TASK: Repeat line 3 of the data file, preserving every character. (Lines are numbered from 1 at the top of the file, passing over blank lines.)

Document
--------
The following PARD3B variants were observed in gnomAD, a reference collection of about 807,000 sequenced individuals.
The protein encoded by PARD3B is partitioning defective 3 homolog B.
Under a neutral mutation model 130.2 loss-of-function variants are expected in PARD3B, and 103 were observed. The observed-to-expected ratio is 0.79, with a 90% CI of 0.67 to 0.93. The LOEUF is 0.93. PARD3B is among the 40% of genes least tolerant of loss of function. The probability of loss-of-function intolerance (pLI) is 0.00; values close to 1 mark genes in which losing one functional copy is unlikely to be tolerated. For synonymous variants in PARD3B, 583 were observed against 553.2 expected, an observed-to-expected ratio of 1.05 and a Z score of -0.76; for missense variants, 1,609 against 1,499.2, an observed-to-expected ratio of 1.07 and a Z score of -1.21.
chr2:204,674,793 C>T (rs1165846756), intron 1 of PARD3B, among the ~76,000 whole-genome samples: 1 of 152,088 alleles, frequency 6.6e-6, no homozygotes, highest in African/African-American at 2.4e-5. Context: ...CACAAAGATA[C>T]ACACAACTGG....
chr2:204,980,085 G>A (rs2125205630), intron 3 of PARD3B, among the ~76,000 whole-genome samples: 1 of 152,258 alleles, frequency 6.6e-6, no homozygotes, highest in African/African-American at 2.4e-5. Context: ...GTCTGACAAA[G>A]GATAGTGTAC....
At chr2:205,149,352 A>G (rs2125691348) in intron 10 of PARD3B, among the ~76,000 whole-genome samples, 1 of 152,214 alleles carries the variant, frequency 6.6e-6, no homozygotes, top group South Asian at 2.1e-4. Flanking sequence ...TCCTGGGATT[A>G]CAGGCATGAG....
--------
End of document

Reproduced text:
Under a neutral mutation model 130.2 loss-of-function variants are expected in PARD3B, and 103 were observed. The observed-to-expected ratio is 0.79, with a 90% CI of 0.67 to 0.93. The LOEUF is 0.93. PARD3B is among the 40% of genes least tolerant of loss of function. The probability of loss-of-function intolerance (pLI) is 0.00; values close to 1 mark genes in which losing one functional copy is unlikely to be tolerated. For synonymous variants in PARD3B, 583 were observed against 553.2 expected, an observed-to-expected ratio of 1.05 and a Z score of -0.76; for missense variants, 1,609 against 1,499.2, an observed-to-expected ratio of 1.07 and a Z score of -1.21.